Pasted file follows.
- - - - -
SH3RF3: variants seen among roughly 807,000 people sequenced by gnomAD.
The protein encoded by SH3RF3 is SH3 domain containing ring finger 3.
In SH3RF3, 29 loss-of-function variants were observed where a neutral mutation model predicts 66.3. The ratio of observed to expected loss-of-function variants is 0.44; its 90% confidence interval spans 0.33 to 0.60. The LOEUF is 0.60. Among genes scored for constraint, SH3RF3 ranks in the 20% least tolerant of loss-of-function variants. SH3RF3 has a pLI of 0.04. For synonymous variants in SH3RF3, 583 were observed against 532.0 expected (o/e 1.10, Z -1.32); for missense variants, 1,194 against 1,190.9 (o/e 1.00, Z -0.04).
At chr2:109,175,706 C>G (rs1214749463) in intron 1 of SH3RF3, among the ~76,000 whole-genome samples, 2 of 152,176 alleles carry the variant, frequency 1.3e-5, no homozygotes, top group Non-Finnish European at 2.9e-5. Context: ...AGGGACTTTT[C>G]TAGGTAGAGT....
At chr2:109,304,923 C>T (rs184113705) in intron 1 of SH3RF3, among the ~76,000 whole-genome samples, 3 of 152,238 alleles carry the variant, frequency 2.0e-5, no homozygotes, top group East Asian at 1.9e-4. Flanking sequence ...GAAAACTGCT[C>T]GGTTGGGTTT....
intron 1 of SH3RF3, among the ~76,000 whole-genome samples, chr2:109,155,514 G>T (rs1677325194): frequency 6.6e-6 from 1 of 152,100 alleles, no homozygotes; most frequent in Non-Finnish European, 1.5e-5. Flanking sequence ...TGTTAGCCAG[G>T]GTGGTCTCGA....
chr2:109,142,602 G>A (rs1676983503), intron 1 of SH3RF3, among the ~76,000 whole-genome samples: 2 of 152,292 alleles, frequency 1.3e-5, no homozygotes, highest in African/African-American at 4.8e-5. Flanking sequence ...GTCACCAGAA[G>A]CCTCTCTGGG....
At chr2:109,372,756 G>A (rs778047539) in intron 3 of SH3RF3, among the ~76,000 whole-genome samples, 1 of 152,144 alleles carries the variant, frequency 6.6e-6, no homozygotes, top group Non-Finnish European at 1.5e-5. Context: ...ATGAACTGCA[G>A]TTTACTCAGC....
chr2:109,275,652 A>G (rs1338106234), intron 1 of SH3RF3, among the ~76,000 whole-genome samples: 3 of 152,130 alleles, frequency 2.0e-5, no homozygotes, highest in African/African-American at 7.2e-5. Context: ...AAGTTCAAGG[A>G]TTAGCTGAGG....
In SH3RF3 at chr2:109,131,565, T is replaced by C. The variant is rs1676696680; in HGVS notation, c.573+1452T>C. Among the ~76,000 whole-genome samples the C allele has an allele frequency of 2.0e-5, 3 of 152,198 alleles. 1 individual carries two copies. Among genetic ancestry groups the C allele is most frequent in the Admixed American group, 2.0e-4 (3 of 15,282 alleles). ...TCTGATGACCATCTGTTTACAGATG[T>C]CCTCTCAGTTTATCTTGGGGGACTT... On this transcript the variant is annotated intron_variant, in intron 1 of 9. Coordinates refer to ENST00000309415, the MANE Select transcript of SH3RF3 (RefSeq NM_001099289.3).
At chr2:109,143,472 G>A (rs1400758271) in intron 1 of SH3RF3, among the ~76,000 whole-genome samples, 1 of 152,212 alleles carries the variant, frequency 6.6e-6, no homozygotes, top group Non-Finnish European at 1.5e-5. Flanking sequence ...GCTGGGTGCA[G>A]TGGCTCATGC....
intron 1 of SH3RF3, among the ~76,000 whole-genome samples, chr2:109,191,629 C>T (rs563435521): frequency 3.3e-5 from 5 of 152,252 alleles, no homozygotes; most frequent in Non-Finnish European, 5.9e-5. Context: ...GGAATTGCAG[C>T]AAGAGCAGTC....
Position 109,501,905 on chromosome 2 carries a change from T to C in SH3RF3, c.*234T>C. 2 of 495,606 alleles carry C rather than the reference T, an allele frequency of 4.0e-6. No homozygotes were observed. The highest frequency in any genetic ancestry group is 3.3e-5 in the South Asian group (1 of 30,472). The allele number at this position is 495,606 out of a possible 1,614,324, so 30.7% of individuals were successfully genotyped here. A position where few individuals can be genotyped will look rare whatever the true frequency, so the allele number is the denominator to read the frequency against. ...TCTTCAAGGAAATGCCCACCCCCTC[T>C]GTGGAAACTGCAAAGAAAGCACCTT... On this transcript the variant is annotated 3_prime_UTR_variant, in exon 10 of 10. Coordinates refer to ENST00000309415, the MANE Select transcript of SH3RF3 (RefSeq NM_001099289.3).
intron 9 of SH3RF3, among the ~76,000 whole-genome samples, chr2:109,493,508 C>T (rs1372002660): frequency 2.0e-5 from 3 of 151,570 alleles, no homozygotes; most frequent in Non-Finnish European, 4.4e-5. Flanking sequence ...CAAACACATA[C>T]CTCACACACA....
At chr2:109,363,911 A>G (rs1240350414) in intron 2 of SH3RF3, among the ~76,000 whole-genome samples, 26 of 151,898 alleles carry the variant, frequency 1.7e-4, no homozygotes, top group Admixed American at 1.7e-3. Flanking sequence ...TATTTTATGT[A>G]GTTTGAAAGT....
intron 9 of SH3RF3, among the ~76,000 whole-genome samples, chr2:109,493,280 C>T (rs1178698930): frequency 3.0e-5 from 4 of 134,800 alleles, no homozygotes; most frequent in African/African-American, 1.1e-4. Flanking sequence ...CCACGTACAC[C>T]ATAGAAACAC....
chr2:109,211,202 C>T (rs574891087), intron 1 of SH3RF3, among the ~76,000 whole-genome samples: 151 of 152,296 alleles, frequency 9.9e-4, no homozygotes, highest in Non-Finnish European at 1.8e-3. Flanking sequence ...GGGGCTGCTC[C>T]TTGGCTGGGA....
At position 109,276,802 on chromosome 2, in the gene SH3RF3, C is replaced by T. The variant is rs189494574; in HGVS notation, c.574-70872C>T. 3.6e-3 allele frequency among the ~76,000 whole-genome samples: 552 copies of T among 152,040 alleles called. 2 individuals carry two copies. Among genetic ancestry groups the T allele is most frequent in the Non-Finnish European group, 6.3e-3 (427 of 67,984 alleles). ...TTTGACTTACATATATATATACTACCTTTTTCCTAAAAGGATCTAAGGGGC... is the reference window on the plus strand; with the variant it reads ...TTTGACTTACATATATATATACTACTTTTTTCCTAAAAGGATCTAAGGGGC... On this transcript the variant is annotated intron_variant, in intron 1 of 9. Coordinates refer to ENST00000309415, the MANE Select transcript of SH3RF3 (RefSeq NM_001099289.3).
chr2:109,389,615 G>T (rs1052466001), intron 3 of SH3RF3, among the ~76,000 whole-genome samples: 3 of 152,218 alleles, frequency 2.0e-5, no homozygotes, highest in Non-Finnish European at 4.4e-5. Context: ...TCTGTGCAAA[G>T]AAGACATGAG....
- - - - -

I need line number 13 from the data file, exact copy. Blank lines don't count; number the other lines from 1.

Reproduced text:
Position 109,501,905 on chromosome 2 carries a change from T to C in SH3RF3, c.*234T>C. 2 of 495,606 alleles carry C rather than the reference T, an allele frequency of 4.0e-6. No homozygotes were observed. The highest frequency in any genetic ancestry group is 3.3e-5 in the South Asian group (1 of 30,472). The allele number at this position is 495,606 out of a possible 1,614,324, so 30.7% of individuals were successfully genotyped here. A position where few individuals can be genotyped will look rare whatever the true frequency, so the allele number is the denominator to read the frequency against. ...TCTTCAAGGAAATGCCCACCCCCTC[T>C]GTGGAAACTGCAAAGAAAGCACCTT... On this transcript the variant is annotated 3_prime_UTR_variant, in exon 10 of 10. Coordinates refer to ENST00000309415, the MANE Select transcript of SH3RF3 (RefSeq NM_001099289.3).